Secretary of State John Kerry is on a quest to bring “peace” to the intractable Arab-Israeli conflict, and specifically between Arab Palestinians and Israel. It is rather puzzling however, in the midst of the current Middle East turmoil, especially in Egypt, Iraq and Syria, that this should be Kerry’s obsession. Is it Kerry’s ego that propels him to seek a Nobel Prize for achieving a hitherto impossible peace, one which has eluded all previous US presidents and secretaries of state? President Bill Clinton’s Oslo Accords are in tatters. Yasser Arafat used the Oslo Accords to gain a foothold in Palestine, as a base to terrorize Israel, a strategy that many Israelis recognized as such. The naïve American policy makers and their leftist Israeli colleagues have consistently failed to understand the Arab-Islamic culture, and how the Arab-Muslim worldview differs from that of westerners, especially their outlook on the meaning of peace. As a result, the upcoming Israeli-Palestinian negotiations promise to be the same as in previous rounds.
The New York Times (July 29, 2013) put this in perspective. “It took Secretary of State John Kerry countless phone calls and six trips to the Middle East just to get Israeli and Palestinian officials to the negotiation table, and how will it be possible to achieve a comprehensive peace agreement? And what will happen if this herculean negotiating effort falls short?”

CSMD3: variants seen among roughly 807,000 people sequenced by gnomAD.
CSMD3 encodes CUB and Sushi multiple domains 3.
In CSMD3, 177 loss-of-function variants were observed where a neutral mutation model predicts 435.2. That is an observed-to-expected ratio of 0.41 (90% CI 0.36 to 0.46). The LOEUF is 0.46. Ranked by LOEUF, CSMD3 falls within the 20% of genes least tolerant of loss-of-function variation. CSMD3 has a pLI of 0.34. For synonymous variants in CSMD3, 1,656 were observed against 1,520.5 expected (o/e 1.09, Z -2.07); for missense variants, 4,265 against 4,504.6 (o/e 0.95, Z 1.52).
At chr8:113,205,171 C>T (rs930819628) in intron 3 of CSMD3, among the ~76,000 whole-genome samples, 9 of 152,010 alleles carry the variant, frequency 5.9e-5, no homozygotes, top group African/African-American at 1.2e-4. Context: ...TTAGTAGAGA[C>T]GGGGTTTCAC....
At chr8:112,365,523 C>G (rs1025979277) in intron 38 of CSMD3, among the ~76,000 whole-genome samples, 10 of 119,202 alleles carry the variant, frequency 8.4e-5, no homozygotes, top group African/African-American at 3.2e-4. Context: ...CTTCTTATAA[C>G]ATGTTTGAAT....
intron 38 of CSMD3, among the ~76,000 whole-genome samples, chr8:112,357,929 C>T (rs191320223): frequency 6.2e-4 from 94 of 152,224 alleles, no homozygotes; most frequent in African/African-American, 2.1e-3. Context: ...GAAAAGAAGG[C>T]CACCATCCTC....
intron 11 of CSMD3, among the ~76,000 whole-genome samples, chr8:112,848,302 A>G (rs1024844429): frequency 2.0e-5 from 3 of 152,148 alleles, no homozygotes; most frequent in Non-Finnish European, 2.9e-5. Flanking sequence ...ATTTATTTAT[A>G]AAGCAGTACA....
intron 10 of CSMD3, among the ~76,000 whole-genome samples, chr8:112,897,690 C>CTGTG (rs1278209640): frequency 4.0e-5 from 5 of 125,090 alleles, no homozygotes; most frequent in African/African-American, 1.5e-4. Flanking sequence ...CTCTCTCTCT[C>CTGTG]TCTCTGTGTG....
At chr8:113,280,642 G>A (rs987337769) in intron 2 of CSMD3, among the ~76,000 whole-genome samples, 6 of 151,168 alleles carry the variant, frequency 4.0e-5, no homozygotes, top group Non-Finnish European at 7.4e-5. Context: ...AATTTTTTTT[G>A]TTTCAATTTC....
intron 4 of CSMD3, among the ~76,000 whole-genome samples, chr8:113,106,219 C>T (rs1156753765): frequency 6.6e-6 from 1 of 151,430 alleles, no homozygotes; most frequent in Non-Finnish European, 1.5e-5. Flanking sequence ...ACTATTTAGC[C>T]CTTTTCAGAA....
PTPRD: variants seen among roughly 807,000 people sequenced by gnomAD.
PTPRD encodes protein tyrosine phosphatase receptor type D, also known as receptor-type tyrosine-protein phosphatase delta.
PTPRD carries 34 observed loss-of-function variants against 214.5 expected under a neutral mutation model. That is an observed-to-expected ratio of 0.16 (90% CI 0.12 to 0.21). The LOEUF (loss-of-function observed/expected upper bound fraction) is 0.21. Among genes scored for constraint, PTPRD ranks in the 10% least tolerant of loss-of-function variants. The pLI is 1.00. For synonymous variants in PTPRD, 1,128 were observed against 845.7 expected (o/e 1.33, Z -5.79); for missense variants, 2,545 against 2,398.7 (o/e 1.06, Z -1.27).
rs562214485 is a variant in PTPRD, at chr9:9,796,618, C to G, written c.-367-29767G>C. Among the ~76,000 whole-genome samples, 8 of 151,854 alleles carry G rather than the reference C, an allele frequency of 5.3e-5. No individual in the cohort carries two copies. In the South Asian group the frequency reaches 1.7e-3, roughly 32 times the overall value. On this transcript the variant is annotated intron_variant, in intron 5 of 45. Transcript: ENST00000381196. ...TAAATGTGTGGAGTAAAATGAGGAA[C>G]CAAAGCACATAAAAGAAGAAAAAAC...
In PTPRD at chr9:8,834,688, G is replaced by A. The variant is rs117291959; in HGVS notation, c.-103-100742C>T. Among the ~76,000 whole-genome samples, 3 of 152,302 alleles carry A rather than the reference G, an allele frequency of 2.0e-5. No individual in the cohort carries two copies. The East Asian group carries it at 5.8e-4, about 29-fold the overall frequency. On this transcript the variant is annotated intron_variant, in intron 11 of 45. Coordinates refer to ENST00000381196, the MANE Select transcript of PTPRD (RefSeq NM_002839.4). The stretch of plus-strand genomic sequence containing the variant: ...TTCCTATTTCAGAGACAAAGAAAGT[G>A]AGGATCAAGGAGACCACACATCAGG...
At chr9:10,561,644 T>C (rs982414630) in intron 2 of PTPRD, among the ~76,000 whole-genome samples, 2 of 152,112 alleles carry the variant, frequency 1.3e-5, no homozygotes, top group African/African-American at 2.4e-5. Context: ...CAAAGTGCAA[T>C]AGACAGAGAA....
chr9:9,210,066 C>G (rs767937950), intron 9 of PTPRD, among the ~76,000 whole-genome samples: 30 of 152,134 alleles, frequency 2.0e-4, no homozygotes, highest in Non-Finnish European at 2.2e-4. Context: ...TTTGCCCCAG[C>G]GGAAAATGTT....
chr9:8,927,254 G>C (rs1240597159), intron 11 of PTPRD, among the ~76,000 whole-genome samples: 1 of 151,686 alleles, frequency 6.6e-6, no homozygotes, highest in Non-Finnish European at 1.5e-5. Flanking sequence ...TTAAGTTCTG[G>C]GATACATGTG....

For starters, Kerry and the Obama administration need to understand that Mahmoud Abbas, the Palestinian Authority President, has failed to prepare his people for the possibility of peace with Israel. And, while conducting peace talks with Israel, Abbas has been initiating campaigns that promote boycotts of Israel and hatred of its people. Diplomatic formulas cannot substitute for educating the Palestinian public about peace and humanizing Israelis, something neither Arafat nor Abbas have done since the Oslo Accords were signed in 1993. On the contrary, both the deceased Arafat and his successor, Abbas, have created an educational system that teaches hatred of Israelis, Jews, Christians and Americans to young children. The next generation of Palestinians has already been infected with the hatred and intolerance virus and overcoming it will take more than a peace conference.